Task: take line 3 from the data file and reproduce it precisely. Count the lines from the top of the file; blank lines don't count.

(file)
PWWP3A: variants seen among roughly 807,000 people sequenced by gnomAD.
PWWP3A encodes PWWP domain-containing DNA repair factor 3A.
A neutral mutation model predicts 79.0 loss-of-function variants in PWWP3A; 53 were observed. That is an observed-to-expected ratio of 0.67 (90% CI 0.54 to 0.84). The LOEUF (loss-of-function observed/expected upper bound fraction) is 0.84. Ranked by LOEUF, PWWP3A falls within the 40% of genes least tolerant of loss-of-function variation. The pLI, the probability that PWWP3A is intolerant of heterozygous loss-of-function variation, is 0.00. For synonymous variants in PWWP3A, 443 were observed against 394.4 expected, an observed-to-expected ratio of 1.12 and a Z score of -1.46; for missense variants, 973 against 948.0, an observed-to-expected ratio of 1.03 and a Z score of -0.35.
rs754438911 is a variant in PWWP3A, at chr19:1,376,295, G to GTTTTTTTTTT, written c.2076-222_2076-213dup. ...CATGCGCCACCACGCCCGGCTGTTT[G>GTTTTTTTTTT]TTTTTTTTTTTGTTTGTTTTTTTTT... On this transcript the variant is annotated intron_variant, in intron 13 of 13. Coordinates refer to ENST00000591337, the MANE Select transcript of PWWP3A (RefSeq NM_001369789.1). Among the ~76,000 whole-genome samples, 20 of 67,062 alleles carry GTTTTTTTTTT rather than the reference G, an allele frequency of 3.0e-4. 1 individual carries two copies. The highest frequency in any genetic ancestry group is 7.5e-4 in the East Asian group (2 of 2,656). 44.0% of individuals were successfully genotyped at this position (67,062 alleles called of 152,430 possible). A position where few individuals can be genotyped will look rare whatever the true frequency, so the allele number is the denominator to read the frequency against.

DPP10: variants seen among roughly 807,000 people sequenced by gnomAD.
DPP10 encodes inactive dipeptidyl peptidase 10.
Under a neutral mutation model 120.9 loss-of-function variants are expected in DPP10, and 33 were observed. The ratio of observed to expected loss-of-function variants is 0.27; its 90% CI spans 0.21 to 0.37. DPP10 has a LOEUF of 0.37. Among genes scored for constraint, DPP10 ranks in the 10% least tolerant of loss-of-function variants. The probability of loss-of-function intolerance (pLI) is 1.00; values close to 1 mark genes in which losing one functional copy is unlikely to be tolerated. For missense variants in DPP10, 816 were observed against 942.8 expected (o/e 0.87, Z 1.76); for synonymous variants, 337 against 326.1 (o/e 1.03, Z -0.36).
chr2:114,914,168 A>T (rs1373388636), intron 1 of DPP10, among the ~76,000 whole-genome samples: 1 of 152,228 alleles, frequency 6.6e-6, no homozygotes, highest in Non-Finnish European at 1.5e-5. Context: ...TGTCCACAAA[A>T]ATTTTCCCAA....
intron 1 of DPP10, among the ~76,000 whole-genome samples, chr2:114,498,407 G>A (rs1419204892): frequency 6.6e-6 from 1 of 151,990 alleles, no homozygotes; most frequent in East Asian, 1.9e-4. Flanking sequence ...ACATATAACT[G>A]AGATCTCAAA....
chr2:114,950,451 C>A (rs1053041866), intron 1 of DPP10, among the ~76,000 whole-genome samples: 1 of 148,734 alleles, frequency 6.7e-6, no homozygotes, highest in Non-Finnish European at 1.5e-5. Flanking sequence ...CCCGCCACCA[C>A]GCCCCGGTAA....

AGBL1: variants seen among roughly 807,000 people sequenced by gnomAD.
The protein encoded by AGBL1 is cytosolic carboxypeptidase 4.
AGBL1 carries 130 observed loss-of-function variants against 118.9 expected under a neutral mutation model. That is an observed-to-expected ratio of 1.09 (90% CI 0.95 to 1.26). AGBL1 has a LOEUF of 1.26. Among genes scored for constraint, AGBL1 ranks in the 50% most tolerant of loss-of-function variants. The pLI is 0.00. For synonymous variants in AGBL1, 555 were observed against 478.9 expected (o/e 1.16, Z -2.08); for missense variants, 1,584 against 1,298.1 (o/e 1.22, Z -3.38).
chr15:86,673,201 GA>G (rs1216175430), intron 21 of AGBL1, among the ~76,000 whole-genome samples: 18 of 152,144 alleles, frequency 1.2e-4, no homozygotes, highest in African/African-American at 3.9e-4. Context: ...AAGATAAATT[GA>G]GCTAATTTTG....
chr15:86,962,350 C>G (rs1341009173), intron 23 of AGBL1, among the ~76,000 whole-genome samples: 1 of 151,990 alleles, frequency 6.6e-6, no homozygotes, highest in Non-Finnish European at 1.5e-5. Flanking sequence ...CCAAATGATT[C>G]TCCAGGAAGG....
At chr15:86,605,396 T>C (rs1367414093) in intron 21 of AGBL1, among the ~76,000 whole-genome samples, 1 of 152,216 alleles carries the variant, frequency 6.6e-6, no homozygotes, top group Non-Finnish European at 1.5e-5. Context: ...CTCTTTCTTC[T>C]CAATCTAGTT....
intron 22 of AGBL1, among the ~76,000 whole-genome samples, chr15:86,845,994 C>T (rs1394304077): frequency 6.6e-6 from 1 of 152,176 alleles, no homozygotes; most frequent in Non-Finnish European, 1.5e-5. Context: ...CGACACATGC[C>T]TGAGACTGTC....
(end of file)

A neutral mutation model predicts 79.0 loss-of-function variants in PWWP3A; 53 were observed. That is an observed-to-expected ratio of 0.67 (90% CI 0.54 to 0.84). The LOEUF (loss-of-function observed/expected upper bound fraction) is 0.84. Ranked by LOEUF, PWWP3A falls within the 40% of genes least tolerant of loss-of-function variation. The pLI, the probability that PWWP3A is intolerant of heterozygous loss-of-function variation, is 0.00. For synonymous variants in PWWP3A, 443 were observed against 394.4 expected, an observed-to-expected ratio of 1.12 and a Z score of -1.46; for missense variants, 973 against 948.0, an observed-to-expected ratio of 1.03 and a Z score of -0.35.